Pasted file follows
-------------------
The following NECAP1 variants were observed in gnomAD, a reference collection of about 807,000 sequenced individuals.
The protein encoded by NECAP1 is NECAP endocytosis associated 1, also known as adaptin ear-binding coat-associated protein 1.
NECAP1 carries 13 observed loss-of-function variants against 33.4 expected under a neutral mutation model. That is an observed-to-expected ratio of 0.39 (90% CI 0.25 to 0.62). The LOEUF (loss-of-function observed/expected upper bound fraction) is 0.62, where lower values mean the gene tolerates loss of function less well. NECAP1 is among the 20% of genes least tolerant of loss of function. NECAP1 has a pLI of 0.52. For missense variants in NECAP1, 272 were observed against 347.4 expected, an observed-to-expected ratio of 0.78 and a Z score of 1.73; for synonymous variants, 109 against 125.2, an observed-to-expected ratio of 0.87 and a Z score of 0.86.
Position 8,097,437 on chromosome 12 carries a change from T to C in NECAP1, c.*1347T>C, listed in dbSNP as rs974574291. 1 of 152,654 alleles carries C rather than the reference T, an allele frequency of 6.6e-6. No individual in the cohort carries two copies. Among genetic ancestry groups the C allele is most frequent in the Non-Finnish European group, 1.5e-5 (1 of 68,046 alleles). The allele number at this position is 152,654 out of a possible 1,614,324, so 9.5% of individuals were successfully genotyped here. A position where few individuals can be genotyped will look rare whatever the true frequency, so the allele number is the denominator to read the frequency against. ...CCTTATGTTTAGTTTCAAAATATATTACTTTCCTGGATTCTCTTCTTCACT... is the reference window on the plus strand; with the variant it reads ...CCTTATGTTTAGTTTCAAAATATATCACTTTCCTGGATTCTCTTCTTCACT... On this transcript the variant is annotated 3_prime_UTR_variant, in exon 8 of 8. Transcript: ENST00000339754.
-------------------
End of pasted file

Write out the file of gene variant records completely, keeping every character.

The following NECAP1 variants were observed in gnomAD, a reference collection of about 807,000 sequenced individuals.
The protein encoded by NECAP1 is NECAP endocytosis associated 1, also known as adaptin ear-binding coat-associated protein 1.
NECAP1 carries 13 observed loss-of-function variants against 33.4 expected under a neutral mutation model. That is an observed-to-expected ratio of 0.39 (90% CI 0.25 to 0.62). The LOEUF (loss-of-function observed/expected upper bound fraction) is 0.62, where lower values mean the gene tolerates loss of function less well. NECAP1 is among the 20% of genes least tolerant of loss of function. NECAP1 has a pLI of 0.52. For missense variants in NECAP1, 272 were observed against 347.4 expected, an observed-to-expected ratio of 0.78 and a Z score of 1.73; for synonymous variants, 109 against 125.2, an observed-to-expected ratio of 0.87 and a Z score of 0.86.
Position 8,097,437 on chromosome 12 carries a change from T to C in NECAP1, c.*1347T>C, listed in dbSNP as rs974574291. 1 of 152,654 alleles carries C rather than the reference T, an allele frequency of 6.6e-6. No individual in the cohort carries two copies. Among genetic ancestry groups the C allele is most frequent in the Non-Finnish European group, 1.5e-5 (1 of 68,046 alleles). The allele number at this position is 152,654 out of a possible 1,614,324, so 9.5% of individuals were successfully genotyped here. A position where few individuals can be genotyped will look rare whatever the true frequency, so the allele number is the denominator to read the frequency against. ...CCTTATGTTTAGTTTCAAAATATATTACTTTCCTGGATTCTCTTCTTCACT... is the reference window on the plus strand; with the variant it reads ...CCTTATGTTTAGTTTCAAAATATATCACTTTCCTGGATTCTCTTCTTCACT... On this transcript the variant is annotated 3_prime_UTR_variant, in exon 8 of 8. Transcript: ENST00000339754.